EOS Bodies - For Stills / Re: Blown-out Highligts in Stage Lighting
« on: September 28, 2012, 11:37:00 AM »
I've seen good advice about what to try in the future, but regarding the photos you've taken...if you drop the exposure all the way on the RAW file is it possible to get the faces to look decent? If so, you might try double RAW processing the image in PhotoShop.

EOS Bodies - For Stills / Re: Adobe RGB or sRGB please?
« on: September 27, 2012, 08:42:41 AM »

I think you just made a really good argument for leaving the camera set to sRGB. It's the smaller color space so if you don't see any clipping in the tiny, questionably precise histogram in sRGB, you damn well won't have any clipping in the image when processing the RAW file.

Nah it just means you crippled RAW even more than you had to (although if all you ever care about is final sRGB output I suppose not).

I don't see how this would cripple the RAW output. The setting only affects the preview, so at worst you take a picture, look at the sRGB based histogram and decide the exposure was good, when it might have been possible to push the exposure a little bit more.

Now look at the converse situation. You set the camera to AdobeRGB, take a picture, look at the histogram and see that it is at the very limit of the cameras dynamic range...any more exposure and you would have clipping. Now you import the RAW and when output to sRGB find that there is clipping.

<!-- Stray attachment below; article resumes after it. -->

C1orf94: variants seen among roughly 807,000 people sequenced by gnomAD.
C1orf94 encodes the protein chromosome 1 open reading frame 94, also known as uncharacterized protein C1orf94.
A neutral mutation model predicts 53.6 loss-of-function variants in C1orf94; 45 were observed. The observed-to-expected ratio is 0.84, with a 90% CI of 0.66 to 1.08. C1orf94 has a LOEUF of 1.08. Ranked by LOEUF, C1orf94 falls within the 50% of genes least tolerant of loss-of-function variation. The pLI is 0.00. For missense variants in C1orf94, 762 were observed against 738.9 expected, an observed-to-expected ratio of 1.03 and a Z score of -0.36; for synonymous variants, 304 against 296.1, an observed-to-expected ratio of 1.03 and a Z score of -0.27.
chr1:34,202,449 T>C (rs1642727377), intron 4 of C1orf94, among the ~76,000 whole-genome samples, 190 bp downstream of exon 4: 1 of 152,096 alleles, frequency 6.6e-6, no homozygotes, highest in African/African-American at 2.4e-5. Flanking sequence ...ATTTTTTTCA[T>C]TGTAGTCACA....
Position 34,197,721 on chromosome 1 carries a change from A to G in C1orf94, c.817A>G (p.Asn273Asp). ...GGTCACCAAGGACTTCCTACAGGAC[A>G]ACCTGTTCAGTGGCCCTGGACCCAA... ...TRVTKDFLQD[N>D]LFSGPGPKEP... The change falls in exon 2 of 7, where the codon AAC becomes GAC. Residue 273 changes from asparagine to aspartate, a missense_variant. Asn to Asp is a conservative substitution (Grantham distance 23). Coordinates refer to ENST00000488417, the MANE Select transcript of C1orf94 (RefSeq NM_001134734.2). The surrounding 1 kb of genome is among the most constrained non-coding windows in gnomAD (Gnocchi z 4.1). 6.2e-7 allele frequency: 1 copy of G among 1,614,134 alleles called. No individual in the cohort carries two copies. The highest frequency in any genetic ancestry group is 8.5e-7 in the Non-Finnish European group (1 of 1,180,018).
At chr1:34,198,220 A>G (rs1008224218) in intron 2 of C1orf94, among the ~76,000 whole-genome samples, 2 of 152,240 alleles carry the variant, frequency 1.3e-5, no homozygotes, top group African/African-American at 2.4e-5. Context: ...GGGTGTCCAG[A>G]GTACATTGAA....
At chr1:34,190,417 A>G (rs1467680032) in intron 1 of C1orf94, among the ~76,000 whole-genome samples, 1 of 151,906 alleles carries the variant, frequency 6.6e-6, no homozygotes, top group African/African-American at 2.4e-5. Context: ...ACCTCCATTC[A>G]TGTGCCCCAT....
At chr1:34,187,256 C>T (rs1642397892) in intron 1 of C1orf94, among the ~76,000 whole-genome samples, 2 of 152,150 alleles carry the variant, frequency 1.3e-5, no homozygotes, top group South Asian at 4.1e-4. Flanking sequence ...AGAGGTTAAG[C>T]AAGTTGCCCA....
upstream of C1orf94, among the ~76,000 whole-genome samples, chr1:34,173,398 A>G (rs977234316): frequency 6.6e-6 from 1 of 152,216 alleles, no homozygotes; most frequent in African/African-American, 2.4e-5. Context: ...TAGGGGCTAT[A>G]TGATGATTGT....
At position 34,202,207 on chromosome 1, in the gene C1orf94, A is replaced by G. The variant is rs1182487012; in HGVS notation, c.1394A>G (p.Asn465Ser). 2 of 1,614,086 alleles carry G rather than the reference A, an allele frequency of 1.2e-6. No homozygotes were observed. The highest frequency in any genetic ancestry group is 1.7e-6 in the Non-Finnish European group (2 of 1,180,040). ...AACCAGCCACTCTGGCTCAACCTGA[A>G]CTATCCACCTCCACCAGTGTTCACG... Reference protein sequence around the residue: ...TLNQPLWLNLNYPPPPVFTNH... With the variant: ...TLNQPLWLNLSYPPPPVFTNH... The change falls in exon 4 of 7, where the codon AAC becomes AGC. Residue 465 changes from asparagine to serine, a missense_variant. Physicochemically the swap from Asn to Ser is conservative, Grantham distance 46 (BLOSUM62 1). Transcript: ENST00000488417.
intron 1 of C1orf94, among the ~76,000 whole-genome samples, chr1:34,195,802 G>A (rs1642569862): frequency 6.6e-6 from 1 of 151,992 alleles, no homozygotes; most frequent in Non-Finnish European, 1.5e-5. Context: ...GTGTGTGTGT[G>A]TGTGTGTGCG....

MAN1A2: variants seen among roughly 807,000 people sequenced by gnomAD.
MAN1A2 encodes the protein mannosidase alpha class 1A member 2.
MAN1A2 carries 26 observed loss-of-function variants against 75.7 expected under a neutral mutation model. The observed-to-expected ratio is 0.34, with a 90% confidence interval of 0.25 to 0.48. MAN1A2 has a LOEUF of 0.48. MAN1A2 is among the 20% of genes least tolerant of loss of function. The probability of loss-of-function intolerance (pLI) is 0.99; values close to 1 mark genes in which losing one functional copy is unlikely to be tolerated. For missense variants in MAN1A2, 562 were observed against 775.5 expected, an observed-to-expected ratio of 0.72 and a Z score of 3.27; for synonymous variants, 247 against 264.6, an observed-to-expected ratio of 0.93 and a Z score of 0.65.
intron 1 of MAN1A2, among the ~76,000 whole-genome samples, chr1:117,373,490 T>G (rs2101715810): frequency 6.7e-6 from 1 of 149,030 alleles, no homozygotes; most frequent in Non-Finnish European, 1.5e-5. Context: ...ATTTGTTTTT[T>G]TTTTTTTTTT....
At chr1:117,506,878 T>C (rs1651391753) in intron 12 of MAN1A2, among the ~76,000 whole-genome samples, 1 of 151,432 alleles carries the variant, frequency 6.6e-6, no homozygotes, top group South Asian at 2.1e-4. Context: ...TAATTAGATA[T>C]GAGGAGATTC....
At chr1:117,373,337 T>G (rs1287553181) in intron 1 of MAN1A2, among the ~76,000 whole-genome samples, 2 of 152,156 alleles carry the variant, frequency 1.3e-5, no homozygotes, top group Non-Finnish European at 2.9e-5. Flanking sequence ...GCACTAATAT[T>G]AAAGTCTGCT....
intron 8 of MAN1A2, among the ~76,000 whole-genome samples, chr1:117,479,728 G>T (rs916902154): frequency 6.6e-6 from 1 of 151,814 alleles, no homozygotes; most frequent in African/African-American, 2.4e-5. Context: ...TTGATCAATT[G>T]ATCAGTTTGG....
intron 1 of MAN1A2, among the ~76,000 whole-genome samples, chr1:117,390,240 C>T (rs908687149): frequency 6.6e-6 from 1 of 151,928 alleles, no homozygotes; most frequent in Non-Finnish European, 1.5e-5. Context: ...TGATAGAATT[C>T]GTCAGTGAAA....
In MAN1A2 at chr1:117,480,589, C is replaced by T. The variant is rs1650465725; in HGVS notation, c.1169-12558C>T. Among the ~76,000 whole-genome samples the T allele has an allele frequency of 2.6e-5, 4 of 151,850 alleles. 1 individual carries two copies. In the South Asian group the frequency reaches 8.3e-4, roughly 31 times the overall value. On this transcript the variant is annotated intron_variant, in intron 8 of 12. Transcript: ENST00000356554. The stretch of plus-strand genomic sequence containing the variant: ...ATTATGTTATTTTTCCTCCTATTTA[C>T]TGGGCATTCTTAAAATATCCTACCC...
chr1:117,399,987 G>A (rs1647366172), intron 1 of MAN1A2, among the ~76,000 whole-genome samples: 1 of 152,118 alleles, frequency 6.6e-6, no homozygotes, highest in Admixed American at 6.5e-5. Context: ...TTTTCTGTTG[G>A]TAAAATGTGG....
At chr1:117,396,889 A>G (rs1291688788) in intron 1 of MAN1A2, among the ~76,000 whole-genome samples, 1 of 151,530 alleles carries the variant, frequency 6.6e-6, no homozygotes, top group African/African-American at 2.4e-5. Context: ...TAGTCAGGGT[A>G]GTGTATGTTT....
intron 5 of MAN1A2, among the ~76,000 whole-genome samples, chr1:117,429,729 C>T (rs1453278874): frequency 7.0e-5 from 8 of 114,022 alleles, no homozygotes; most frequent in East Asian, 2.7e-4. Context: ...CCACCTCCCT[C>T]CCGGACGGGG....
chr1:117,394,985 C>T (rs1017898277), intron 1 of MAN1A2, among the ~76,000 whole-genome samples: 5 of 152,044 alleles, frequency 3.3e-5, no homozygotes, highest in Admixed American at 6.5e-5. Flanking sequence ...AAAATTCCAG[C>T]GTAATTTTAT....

Honestly, the margin we're talking about (if not imagined) must be tiny.

Others have pointed out similar predictions for a comet in 1973 that turned out to be much dimmer. I'm not an astronomer but look forward to taking an amateur's stab at it should the predictions prove accurate.

Canon General / New comet spotted. Will be visible to naked eye in late 2013
« on: September 26, 2012, 07:45:36 PM »
"...on 28 November 2013, current predictions are of an object that will dazzle the eye at up to magnitude —16. That's far brighter than the full Moon."

EOS Bodies - For Stills / Re: Adobe RGB or sRGB please?
« on: September 26, 2012, 05:50:24 PM »
You know, this has me thinking (a dangerous pasttime, I know...).  I've often made the argument that the in-camera jpg settings do matter if you shoot RAW, indirectly, because the in-camera settings are applied to the JPG preview image that's reviewed on the LCD and used to generate the histograms.  So, to the extent that you make exposure decisions based on the preview image, histograms, or blinking highlight alert, those JPG settings matter. 

I wonder...what is the gamut of the camera's LCD, would sRGB vs. Adobe RGB make a difference in color channel saturation, a difference in the histogram or highlight alert calls, etc.?

I think you just made a really good argument for leaving the camera set to sRGB. It's the smaller color space so if you don't see any clipping in the tiny, questionably precise histogram in sRGB, you damn well won't have any clipping in the image when processing the RAW file.

Lenses / Re: Canon EF 400mm f/2.8L + 2x
« on: September 26, 2012, 10:33:26 AM »
No problem.

Lenses / Re: Canon EF 400mm f/2.8L + 2x
« on: September 24, 2012, 11:02:21 AM »
I do 99% of my RAW conversion with Aperture because it does a good job and is easy to use, however I keep DPP around because sometimes I can get a better result on a tricky image.

Also, don't forget to grab the update:

Choose Mac OS X and then OS X 10.7 (regardless which version  you are running)